A Contribution to the Ongoing Debate on Racism




Jan Makandal

(January 7, 2015)

We need to understand police brutality and racism, from a proletarian perspective.

The police force, in any social formation, is a part of the repressive institutions of the state apparatus for asserting the interest of the bourgeoisie. It is their job to repress us. They are objectively brutal when dealing with the popular masses. This brutality is an integrated part of class struggle. To argue that police brutality is simply a racist act is, for us, reformism. The police intervene to break strikes, infiltrate political organizations (like the Black Panthers, Weathermen and many others), and restrain marches not because of the dominant pigmentation of these groups, but because the police are there to keep the masses disorganized in order to allow the reproduction of capital. The police and all the other repressive institutions of bourgeois democracy are the guardian angels of the dictatorship of the bourgeoisie.

We distinguish the theory of race from racism. For us, the theory of race is unscientific. Race (unlike racism) doesn’t exist. Race is a bourgeois theory with no biological basis. It is a racist theory because it implies the necessity for struggle on the basis of race…and the inevitable conclusion of race supremacy. We can visit the most sincere reactionary organizations on that matter: the KKK, Nation of Islam, Uhuru, remnant organizations of the ’60s, and so-called progressives who are using any opportunity to propagate and regurgitate these reactionary theories on race. By doing so, they are giving these theories certain legitimacy by showing political unity with them.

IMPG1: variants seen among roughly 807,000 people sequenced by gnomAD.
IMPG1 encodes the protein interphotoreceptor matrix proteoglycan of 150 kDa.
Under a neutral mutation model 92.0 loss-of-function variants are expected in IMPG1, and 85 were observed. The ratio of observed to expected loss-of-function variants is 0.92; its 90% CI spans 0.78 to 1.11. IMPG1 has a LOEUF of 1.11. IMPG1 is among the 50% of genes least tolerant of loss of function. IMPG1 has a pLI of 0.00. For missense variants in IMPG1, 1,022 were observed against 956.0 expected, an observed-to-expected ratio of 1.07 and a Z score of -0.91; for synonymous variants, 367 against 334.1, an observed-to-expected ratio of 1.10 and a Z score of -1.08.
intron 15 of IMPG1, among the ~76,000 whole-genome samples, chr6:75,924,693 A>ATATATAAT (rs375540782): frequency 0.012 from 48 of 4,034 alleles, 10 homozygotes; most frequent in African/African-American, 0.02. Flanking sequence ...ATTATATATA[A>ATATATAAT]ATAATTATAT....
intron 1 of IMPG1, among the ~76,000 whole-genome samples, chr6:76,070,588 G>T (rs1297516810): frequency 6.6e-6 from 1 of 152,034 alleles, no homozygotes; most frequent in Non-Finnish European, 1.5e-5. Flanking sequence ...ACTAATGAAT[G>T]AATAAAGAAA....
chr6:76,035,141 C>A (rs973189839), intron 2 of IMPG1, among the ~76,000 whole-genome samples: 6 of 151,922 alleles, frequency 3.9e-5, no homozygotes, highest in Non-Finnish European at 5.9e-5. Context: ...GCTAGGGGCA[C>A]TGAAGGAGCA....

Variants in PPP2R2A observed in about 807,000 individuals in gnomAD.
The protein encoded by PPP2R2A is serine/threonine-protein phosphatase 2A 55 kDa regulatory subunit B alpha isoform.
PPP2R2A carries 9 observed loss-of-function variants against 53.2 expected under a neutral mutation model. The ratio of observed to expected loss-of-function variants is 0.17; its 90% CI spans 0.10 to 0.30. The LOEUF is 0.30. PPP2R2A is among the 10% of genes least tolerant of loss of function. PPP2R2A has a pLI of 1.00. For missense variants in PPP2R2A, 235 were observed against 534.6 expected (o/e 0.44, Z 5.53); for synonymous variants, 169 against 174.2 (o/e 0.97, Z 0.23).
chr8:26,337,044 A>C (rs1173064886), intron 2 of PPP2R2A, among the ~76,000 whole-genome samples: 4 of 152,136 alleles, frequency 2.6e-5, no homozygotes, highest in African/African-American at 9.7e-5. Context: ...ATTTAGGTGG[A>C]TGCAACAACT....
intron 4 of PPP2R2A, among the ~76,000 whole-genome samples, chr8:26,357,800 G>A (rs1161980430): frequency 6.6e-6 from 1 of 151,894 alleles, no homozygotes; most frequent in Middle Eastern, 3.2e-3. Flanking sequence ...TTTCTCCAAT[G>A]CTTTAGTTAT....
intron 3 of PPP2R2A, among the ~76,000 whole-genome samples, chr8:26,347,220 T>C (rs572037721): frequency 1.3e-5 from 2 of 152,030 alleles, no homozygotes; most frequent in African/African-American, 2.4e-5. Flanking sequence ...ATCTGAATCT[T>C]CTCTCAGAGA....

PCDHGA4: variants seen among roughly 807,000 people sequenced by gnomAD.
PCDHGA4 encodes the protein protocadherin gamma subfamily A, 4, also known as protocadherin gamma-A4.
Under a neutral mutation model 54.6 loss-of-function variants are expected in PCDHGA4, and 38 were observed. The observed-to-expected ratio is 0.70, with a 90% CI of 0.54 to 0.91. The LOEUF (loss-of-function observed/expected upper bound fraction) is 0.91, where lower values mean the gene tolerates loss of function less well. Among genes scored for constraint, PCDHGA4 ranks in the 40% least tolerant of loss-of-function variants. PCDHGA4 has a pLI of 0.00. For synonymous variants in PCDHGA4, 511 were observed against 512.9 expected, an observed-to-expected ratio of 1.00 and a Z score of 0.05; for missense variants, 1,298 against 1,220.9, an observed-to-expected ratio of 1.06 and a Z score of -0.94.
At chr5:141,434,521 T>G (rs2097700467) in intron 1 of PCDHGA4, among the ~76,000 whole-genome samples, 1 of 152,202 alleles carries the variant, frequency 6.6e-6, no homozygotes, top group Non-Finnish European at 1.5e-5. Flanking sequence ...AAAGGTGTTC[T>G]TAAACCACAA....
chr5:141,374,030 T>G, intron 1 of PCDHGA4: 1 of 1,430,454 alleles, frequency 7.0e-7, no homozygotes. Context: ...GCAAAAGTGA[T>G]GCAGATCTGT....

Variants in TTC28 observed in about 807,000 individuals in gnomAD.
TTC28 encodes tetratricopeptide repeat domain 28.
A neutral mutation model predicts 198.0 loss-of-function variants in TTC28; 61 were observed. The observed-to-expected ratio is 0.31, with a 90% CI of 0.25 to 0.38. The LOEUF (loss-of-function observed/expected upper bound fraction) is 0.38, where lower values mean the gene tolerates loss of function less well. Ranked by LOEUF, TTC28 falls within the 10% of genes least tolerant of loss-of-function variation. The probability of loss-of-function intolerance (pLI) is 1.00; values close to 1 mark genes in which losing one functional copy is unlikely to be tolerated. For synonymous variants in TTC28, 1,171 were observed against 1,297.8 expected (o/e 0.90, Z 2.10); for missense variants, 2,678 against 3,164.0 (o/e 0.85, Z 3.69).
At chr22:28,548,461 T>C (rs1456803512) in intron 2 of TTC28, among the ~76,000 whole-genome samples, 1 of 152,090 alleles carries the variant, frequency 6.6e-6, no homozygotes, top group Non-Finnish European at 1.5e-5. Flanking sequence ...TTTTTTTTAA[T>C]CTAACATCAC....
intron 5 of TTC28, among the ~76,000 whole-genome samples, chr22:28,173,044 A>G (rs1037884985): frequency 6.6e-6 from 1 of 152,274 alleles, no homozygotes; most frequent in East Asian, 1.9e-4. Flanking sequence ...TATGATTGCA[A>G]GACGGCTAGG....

The application of a theory of race, and the eventual development of a political line based on race, leads inevitably to race supremacy. Any struggle is inevitably for the realization of political supremacy; class struggle is as well. Under capitalism, working class struggle is for the defeat of capitalism and the subsequent dominance of the proletariat. These classes have completely different ultimate objectives: for capital it is the reproduction of capitalism, and for the working class it is the abolition of classes.

In the US [colonies at the time], as soon as slaves were needed, class antagonism existed. It started from the enslavement and genocide of the indigenous people, and the kidnapping of Africans, their travel, and being sold…. It is from that antagonism that racism took root. It was not confined to a relation of production [the economic base] but existed also at the level of the superstructures. That antagonism is still not resolved, but is now being totally deformed due to the presence of the petite bourgeoisie, especially some slaves who successfully transferred to the petit bourgeoisie and even the bourgeoisie. To reduce that antagonism to its effect [racism], again, is reformism.

Slaves are not a race but a class.

Slaves should not be reduced to race, as our petit bourgeois (of all denominations) would want us to believe, especially our so-called Marxists. Slavery is defined, condensed and determined by the social relation of antagonistic class struggle. Race is a reactionary bourgeois theory for the interest of the bourgeoisie. Slaves are a class of people that were in an antagonistic relation with their masters, economically, politically and ideologically. Racism is an effect of that antagonism, a comportment of that antagonism at the ideological level.

In historical materialism we find two components in the ideological field: a] ideological system (structure and practices): the system of ideas, representations, theories, […] and b] the system of behaviors, attitudes, customs, ambitions, habits, […]